In the sphere of 3D CAD software, SolidWorks is among the biggest names. Its parametric, feature-based approach to design made it an instant standout upon its release in 1995. Today, its popularity remains undiminished, with over 2.3 million active users. Those looking to join the growing community, however, may find it hard to come across accurate SolidWorks pricing.
It’s for this reason that we here at Scan2CAD set about to get to the bottom of how much SolidWorks costs. So, read on for information about the SolidWorks pricing structure, and to find out more about the purchasing options available.
How to buy SolidWorks
If you’re looking into SolidWorks for business or personal use, you’ve probably checked out the Dassault Systèmes website. You will have noticed, however, that it’s rather light on specifics when it comes to SolidWorks pricing. Dassault Systèmes would undoubtedly like you to invest in their software—so, why are they so cagey when it comes to telling you how much it costs?
The reason is actually quite simple: you can’t buy SolidWorks direct from Dassault Systèmes. As the company themselves explained in a 2012 blog post:
When you express an interest in SolidWorks, we want to make sure you talk to someone who can discuss your business with you personally and recommend the ideal solution. That’s where your local reseller comes in.
This means that you’ll have to find a reseller covering your area if you want to purchase a SolidWorks license. You can either search for a commercial reseller at the SolidWorks website, or by getting in touch with Dassault Systèmes, who’ll be happy to point you in the right direction.
Buying SolidWorks from a reseller
Since it’s not possible to purchase SolidWorks directly, we decided to check out a few resellers for ourselves to see what they had on offer. One common thread was this: for accurate pricing, you need to get a quote.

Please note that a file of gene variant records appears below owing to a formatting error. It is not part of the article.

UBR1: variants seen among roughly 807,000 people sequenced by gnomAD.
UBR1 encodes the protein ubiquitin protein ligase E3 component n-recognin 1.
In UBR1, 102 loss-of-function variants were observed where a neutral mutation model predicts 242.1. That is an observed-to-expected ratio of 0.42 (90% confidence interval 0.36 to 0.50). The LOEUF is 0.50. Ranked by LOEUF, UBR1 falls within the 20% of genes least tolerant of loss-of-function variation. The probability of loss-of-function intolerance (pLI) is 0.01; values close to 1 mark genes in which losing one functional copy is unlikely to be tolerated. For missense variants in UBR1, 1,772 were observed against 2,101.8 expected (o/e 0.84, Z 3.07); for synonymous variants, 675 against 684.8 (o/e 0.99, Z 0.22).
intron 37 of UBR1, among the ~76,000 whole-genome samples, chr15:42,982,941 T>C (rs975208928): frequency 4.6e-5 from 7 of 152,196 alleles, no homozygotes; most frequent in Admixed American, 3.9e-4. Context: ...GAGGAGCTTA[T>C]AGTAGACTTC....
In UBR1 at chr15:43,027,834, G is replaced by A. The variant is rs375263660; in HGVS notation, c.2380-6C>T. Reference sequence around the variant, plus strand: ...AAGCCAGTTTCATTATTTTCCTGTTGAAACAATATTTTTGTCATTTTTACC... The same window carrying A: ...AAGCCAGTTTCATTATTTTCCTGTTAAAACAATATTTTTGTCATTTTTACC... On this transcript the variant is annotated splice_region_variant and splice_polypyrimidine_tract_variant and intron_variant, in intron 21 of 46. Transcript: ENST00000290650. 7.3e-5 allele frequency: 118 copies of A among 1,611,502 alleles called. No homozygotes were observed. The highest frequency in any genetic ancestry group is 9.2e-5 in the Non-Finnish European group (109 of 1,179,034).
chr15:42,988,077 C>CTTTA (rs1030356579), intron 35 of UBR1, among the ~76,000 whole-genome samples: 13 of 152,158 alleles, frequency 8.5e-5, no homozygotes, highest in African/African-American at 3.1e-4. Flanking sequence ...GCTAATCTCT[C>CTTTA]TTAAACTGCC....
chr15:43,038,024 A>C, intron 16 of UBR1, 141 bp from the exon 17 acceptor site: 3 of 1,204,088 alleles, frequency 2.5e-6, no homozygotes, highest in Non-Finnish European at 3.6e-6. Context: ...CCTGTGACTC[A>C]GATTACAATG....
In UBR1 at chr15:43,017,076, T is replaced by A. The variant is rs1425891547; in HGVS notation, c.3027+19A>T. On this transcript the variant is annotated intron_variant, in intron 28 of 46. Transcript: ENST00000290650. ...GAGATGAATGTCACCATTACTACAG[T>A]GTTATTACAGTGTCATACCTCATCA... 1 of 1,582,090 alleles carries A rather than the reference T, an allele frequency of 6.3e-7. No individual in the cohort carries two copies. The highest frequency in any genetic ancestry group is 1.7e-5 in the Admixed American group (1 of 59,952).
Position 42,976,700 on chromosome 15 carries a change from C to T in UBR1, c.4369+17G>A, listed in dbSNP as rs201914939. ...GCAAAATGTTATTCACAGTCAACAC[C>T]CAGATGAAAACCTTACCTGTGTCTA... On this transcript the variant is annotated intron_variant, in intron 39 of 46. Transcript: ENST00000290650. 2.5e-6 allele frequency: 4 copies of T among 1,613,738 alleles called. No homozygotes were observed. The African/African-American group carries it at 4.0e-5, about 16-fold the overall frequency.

The reason for this is that—as we’ve explored in our brief history of SolidWorks—the software suite caters for a range of different disciplines. This means that there is not just one SolidWorks, but many.
With so many packages available, resellers will gauge which one is right for you by taking into account factors such as your industry, your budget and what you intend to do with SolidWorks. Additionally, you’ll also have to choose between purchasing a license outright or opting to subscribe. All of this makes it difficult to define a single “SolidWorks price”.
It’s also worth noting that resellers will often offer subscription contracts that include extras. This may encompass, for example, dedicated customer support, in addition to automatic software updates. You may even have access to additional hints and tips from your reseller of choice.
SolidWorks pricing: MSRP
By now, you’ll realise that your exact SolidWorks price will vary depending on the factors listed above. Prices may also vary from reseller to reseller, with some offering discounts on specific packages or products. However, there has to be a starting point from which all resellers work to define their SolidWorks pricing. And indeed there is: the manufacturer’s suggested retail price, or MSRP.